To understand phytolith changes associated with dissolution and to acquire comparative data on eroded phytoliths, we studied their surfaces by SEM. The phytolith surfaces of the TNs were compared to untreated, control material. Untreated blocky-type phytoliths have a specific ultrastructure with tiny granules of opal (Fig. 6a, b), and we also found this characteristic structure on the surface of TN phytoliths at pH 2.0 (Fig. 6c, d). This ultrastructure is typical for phytoliths treated at acidic pH, whether in the TN ash (Fig. 6c) or in situ, in the TN tissue (Fig. 6d). As the light-microscopic pictures show, there were unambiguous signs of dissolution on the phytolith surfaces in alkaline solutions, as these surfaces became dark. After treating the needles at pH 9.1 and 10.4, the phytoliths became smoother, as tiny particles fused into a more or less flat surface seen under the SEM (Fig. 6e, f). This surface structure was typical of phytoliths that originated from TN tissue and TN ash. Phytoliths from the TN ash show pitted surfaces at pH 9.1 (Fig. 6f).
Fig. 6

SEM pictures of the spruce needle phytoliths (TN) treated at different pH solutions. The embedded photos highlight the surfaces of the phytoliths. a Control Picea-blocky phytoliths in the transfusion tissue of the needle, b tiny granules of control Picea-blocky phytolith, c phytoliths in the transfusion tissue at pH 2.0, d phytoliths in the TN ash at pH 2.0, e phytoliths in the transfusion tissue at pH 9.1, f phytoliths in TN ash at pH 9.1

At pH 11.9, we found eroded phytoliths, similar to surfaces described above in the ash and tissues (Fig. 7a–d). Broken and eroded phytoliths, with dissolved cavities, were also found (Fig. 7d–f).
Fig. 7

SEM pictures of the spruce needle phytoliths (TN) treated at different pH solutions. The embedded photos highlight the surfaces of the phytoliths. aPicea-blocky phytoliths in the transfusion tissue at pH 10.4, b phytoliths in the TN ash at pH 10.4, c phytoliths in the transfusion tissue at pH 11.9, d phytoliths in the TN ash at pH 11.9, e phytoliths in the TN ash at pH 11.9, f surface of the phytoliths in TN ash at pH 11.9

Element concentrations

Several dark-colored phytoliths were found in TNs at alkaline pH. One of our aims was to establish the reason for this, using EDX measurements on phytoliths in TN tissues and in the TN ash. Differences in element contents between phytoliths treated at acidic and alkaline pH are clear (Fig. 8). At acidic pH, EDX revealed only carbon, silicon and oxygen in phytoliths in ash and tissue. In control phytoliths, and phytoliths treated with alkaline pH, however, aluminum, magnesium, calcium, and potassium were found in various amounts in ashed and tissue phytoliths (Fig. 8). Control phytoliths did not contain sodium in measurable amounts, in contrast to phytoliths treated at alkaline pH. Compared with the reference data from untreated phytoliths, our results showed that the diversity of elements in phytoliths was lower at acidic pH. There were no significant differences in element content between phytoliths from ashes and tissues, or among the different pH treatments.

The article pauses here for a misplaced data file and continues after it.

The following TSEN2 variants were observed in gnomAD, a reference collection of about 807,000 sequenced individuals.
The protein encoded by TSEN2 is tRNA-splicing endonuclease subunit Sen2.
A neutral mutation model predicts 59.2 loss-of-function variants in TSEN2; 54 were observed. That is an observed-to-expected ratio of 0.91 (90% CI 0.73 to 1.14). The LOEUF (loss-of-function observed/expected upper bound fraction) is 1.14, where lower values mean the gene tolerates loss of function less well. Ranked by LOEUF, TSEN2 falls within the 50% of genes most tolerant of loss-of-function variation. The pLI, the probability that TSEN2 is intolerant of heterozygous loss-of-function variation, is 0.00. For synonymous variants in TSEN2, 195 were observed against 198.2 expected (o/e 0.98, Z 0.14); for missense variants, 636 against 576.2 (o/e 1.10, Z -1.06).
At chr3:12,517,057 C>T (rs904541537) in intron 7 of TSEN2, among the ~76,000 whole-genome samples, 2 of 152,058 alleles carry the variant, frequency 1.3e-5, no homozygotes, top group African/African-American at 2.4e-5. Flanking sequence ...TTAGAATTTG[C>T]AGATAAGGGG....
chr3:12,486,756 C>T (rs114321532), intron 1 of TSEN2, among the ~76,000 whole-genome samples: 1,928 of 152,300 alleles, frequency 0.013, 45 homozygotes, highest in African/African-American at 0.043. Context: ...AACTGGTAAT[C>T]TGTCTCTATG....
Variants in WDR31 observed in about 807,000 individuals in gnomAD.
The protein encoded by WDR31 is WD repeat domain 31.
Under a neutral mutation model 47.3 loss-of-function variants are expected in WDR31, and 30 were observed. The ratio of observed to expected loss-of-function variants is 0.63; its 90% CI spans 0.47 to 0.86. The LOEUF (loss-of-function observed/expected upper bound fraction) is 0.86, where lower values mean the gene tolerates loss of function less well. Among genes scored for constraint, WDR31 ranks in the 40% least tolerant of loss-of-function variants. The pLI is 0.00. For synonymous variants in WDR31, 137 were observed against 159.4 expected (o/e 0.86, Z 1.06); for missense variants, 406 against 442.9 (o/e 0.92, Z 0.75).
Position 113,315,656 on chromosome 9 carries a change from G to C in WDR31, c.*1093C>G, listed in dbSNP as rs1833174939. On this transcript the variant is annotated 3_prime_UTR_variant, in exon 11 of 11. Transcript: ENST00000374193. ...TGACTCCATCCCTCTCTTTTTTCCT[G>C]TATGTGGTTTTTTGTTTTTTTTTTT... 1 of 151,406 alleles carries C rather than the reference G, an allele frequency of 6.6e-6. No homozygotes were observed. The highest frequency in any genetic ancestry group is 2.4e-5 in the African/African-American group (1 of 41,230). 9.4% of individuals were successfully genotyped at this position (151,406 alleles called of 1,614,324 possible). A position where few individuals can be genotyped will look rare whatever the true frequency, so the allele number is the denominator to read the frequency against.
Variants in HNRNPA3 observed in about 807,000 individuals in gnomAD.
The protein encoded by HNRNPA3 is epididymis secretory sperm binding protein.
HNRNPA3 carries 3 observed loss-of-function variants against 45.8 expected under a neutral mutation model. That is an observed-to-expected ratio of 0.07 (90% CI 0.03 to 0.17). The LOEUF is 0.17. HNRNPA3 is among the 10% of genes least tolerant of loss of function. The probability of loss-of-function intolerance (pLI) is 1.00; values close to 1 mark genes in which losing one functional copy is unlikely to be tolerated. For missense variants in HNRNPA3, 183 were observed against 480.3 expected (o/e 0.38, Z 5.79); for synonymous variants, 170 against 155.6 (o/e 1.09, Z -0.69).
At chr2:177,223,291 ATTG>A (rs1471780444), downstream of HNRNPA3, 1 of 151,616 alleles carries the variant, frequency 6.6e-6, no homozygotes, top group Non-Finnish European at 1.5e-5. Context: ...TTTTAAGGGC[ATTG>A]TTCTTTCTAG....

Fig. 8

Differences in element contents between phytoliths treated at acidic and alkaline pH. The diversity of elements in phytoliths was lower at acidic pH. Mean values ± 5% standard error of element content of the spruce needle phytoliths treated at different pH solutions. * = values below the threshold (0.1 atom%). Brown bars: element content of the reference phytoliths, blue bars: element content of the phytolith in TN ash, green bars: element content of the phytolith in the needle tissue. (Color figure online)

PCA showed that the first three principal components account for 60%, 28%, and 10% of the variability in the data, with the first two principal components accounting for 88%. Additional principal components did not add considerable information. Two or three groups can be distinguished. First, the pH 2–12 group, second is the pH 9–10 group, and the third may be the reference group, but its separation from the pH 2–pH 12 groups is only clear a priori (Fig. 9). The results show that the element concentrations in the ash and tissue phytoliths are distinguishable from each other after treatment at the same pH (these groups are marked in Fig. 9). The results of the PCA confirm that the most important elements causing dissimilarities among the studied phytoliths are carbon, calcium, potassium and sodium, as shown by loadings of the variables onto the first two principal components (Table 1). Relatively large negative values of carbon content have the effect that tissue phytoliths with higher carbon content are on the left side and ash phytoliths with lower carbon content on the right side. Similarly, relatively high positive loadings of calcium and potassium show that ash phytoliths contain more of these elements than do tissue phytoliths, and their positions are located in opposite directions. Loading of sodium onto the second principal component results in a large positive value, illustrating that treated ash phytoliths, as well as tissue phytoliths, contained relatively large amounts of Na. At the same time, we could not find Na in the reference phytoliths or phytoliths in needles treated at pH 2.